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Michigan Angler Dies After Falling Through the Ice

Michigan Angler Dies After Falling Through the Ice

A 59-year-old Michigan resident lost his life after going through the ice during a recent fishing trip on Little Bass Lake (Mecosta County).

According to the official news reports, the ice angler had fallen through sometime around 9 p.m. on Monday, February 26.

Shortly after, Mecosta County deputies arrived at the scene after having responded to a call from the man’s family members, who’d located him but were unable to get him out of the water.

The rescuers were able to pull the ice fisher out of the water fairly quickly but noticed that the man wasn’t breathing.

Tragically, despite all life-saving efforts by the heroic rescue crew, the ice angler could not be resuscitated.

I would like to send my heartfelt condolences to the family of the deceased. I am very sorry for your loss.

Witnessing such a tragic event first-hand must be extremely traumatic. No one should have to go through such an experience!

A Warning from the County Sheriff’s Office

Due to persisting high temperatures and poor ice quality, the local County Sheriff’s Office in Mecosta has recently released a statement urging people to stay off the ice:

I can only second these words! The past two weeks have been extremely warm, and the little ice that’s left has been weakened plenty by those high temperatures.

Personally, I wouldn’t risk going on the ice this late in the game. It’s simply not worth risking your health or life, as the above story so tragically reminds us.

Please stay home, get your gear ready, and wait for that open water season to start instead!

Temperatures to Remain High in Michigan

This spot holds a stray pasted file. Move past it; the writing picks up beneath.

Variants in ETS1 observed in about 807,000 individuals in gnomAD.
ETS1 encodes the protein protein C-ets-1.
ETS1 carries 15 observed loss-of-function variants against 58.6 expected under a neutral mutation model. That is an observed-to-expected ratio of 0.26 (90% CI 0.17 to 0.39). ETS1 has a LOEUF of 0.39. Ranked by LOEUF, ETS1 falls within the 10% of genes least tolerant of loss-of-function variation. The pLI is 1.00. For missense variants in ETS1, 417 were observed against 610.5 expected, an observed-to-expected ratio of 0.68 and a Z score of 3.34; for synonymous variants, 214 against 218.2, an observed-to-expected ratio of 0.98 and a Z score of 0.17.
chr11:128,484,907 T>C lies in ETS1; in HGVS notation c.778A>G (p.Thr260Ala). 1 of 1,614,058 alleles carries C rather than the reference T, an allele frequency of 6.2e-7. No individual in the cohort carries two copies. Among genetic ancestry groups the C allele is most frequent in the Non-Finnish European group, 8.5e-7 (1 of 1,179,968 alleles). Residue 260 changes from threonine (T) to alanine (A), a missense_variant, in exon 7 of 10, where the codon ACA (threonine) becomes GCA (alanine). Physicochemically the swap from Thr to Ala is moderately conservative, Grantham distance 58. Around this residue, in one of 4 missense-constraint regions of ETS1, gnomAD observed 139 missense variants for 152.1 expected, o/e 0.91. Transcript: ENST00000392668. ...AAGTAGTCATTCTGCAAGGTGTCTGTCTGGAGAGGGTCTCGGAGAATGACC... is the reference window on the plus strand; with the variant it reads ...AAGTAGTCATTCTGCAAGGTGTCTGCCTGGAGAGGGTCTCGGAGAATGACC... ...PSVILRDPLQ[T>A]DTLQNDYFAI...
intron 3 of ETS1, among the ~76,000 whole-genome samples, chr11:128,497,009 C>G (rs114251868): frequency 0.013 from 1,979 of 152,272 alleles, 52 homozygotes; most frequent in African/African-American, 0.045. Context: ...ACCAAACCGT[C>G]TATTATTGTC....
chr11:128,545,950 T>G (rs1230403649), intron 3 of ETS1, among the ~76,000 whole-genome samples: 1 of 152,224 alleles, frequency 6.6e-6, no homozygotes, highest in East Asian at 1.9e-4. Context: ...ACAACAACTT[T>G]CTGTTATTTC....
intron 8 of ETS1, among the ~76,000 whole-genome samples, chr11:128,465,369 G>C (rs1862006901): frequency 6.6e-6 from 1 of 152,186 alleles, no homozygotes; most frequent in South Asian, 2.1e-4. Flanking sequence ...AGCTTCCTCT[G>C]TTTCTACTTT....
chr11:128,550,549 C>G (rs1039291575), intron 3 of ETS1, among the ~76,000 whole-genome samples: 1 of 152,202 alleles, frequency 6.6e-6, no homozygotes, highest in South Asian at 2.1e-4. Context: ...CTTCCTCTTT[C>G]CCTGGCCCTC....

Should you need another reason to stay off the ice, just take a look at the local weather forecast for the Mecosta Township, where the fatal accident took place on Monday.

And no matter where in Michigan you might be, I’m fairly certain that the temperatures will look similar to the ones above!

PRO TIP: Check out the Michigan DNR Ice Safety Guide

General Ice Fishing Safety Tips

Should there still be some stable ice on your local lakes (even though I highly doubt that by now) and you decide to head out, please be extremely careful and remember these basic safety tips when you’re going on the ice:

Tip #1: Always check ice thickness

The first and most important thing is always to check the thickness of the ice! 

Generally speaking, you should stay off ice that’s less than 4 inches thick. PERIOD! 

Personally, I prefer 6 inches, just in case. However, you must check the ice on your way out constantly. 

The warmth has made the ice on most lakes very weak by now, and late ice is never to be trusted!

4 or more inches of ice can quickly turn into 2 or 1 inch. And boom, you’re going through! 

Tip #2: Trust your spud bar

Courtesy of Tommy Rudack

A spud bar or ice chisel is probably your most important tool on the ice! It’ll help you check the thickness and compactness of the ice. 

Personally, I wouldn’t head out without one. It’s really vital! 

A spud bar allows you to test the ice quickly and frequently, saving you time and energy, as you won’t have to drill dozens of holes with your auger. 

Tip #3: Always wear ice picks

Never go on the ice without wearing that good old, trusted pair of ice picks around your neck!

If, God forbid, you should fall through, these things can end up saving your life! 

Without them, you might never be able to pull yourself out of the water and onto the ice.

So please don’t take them off while ice fishing. That’s not the point of bringing them!

Tip #4: Don’t go ice fishing alone

Courtesy of Sonia Lien

This is a great safety tip for early ice that you might be uncertain about. 

The buddy system can ensure that your friend or friends can help you in case of an emergency or that you can help your friend or friends!

Making your way back onto the ice alone can sometimes be an impossibility. Having someone around who could help you or quickly get help can make all the difference!

Tip #5: Wear a float suit or life jacket

This might sound a little overkill, but wearing a float suit or life jacket on the ice can be an excellent idea! 

If you’re unsure about your physical abilities or don’t know how you might react if you go through, a float suit or life jacket can make things a lot easier in that ice-cold water. 

You still have to drag yourself onto the ice again, but at least you’ll have a little more time, a somewhat clearer head, and, most importantly, you won’t drown!

Tight lines, and stay safe out there!

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